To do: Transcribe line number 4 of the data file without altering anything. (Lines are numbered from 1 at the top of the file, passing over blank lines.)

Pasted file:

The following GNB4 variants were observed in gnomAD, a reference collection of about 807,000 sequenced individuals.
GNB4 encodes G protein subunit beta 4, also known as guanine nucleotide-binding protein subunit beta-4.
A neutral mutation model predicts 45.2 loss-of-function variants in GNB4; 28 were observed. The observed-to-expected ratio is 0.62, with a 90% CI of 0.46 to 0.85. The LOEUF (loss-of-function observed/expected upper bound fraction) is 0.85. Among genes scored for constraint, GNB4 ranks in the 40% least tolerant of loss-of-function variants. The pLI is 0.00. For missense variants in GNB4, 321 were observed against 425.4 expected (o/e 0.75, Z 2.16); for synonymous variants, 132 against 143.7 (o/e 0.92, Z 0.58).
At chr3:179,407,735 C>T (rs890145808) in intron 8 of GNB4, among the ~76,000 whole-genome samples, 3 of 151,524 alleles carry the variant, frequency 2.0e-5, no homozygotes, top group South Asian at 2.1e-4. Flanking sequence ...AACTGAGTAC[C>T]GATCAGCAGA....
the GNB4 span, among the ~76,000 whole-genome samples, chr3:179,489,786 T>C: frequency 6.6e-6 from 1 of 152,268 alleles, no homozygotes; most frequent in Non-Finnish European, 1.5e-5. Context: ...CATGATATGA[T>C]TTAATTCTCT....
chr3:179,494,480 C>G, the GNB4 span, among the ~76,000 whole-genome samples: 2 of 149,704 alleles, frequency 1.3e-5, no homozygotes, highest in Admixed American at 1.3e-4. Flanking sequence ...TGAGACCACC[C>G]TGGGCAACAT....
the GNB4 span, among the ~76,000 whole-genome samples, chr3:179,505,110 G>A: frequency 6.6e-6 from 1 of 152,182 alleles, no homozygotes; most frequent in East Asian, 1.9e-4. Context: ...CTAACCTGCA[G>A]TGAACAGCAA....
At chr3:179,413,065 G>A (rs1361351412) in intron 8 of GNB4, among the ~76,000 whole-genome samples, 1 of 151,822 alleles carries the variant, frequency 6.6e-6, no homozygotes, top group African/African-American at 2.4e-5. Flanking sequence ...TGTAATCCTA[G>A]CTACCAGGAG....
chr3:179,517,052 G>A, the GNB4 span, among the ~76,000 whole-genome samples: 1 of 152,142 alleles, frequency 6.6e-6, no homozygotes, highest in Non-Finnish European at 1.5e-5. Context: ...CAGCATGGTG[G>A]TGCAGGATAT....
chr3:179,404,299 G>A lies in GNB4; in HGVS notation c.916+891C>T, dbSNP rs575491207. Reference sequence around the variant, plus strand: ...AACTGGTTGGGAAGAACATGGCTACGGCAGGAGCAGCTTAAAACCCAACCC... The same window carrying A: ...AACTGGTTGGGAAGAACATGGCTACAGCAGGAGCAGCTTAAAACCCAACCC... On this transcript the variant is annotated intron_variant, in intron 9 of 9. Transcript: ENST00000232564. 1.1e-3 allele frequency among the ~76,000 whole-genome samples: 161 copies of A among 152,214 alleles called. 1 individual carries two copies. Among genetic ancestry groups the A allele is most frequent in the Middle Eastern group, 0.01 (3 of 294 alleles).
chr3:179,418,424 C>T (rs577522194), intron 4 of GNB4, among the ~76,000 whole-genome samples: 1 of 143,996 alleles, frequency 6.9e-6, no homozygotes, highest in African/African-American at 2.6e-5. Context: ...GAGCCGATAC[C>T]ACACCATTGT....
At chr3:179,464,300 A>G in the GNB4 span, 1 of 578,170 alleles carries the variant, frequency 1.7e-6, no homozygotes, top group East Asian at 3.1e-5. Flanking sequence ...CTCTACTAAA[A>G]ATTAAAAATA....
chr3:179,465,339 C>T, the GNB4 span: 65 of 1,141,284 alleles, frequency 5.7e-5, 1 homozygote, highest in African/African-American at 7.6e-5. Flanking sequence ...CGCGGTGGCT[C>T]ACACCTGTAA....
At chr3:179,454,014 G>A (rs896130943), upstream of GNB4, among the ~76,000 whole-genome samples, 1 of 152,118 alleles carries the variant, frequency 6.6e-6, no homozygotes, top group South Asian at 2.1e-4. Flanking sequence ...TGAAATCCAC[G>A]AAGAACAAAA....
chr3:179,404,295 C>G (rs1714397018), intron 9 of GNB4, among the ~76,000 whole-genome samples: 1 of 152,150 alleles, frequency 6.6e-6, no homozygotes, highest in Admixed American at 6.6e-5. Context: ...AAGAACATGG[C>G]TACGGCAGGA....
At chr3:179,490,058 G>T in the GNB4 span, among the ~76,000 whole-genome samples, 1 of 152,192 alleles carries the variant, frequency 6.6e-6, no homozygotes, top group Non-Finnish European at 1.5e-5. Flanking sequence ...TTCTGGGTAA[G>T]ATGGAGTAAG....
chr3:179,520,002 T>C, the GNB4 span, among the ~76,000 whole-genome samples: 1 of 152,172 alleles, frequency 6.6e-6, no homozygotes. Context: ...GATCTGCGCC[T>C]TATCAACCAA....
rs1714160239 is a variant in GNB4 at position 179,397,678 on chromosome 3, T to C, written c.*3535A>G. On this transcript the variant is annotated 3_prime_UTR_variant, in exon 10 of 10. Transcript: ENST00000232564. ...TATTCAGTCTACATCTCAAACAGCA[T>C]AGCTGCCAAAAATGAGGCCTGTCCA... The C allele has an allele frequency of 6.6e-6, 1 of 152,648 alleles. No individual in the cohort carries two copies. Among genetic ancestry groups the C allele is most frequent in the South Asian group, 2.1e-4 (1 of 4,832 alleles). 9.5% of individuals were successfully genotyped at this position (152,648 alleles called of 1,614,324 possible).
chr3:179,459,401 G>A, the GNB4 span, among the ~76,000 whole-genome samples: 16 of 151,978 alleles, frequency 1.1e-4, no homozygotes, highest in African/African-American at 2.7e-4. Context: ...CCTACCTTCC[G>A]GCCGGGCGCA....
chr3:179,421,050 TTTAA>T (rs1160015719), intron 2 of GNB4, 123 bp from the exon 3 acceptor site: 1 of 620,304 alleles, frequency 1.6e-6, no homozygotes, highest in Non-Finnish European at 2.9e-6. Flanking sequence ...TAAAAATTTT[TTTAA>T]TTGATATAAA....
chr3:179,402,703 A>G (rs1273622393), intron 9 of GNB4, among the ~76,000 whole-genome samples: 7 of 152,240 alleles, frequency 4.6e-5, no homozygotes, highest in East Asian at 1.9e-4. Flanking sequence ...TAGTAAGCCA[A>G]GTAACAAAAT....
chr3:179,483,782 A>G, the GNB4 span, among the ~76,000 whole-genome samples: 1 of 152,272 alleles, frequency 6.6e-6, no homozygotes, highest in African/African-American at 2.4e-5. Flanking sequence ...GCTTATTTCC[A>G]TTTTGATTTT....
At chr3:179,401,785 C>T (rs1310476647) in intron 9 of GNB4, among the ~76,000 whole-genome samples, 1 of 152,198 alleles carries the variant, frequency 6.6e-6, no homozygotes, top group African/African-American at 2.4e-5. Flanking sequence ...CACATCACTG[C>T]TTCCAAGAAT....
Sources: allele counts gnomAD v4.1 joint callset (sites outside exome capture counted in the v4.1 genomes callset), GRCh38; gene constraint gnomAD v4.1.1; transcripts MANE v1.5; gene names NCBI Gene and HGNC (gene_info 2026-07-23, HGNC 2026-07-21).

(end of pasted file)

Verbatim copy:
At chr3:179,407,735 C>T (rs890145808) in intron 8 of GNB4, among the ~76,000 whole-genome samples, 3 of 151,524 alleles carry the variant, frequency 2.0e-5, no homozygotes, top group South Asian at 2.1e-4. Flanking sequence ...AACTGAGTAC[C>T]GATCAGCAGA....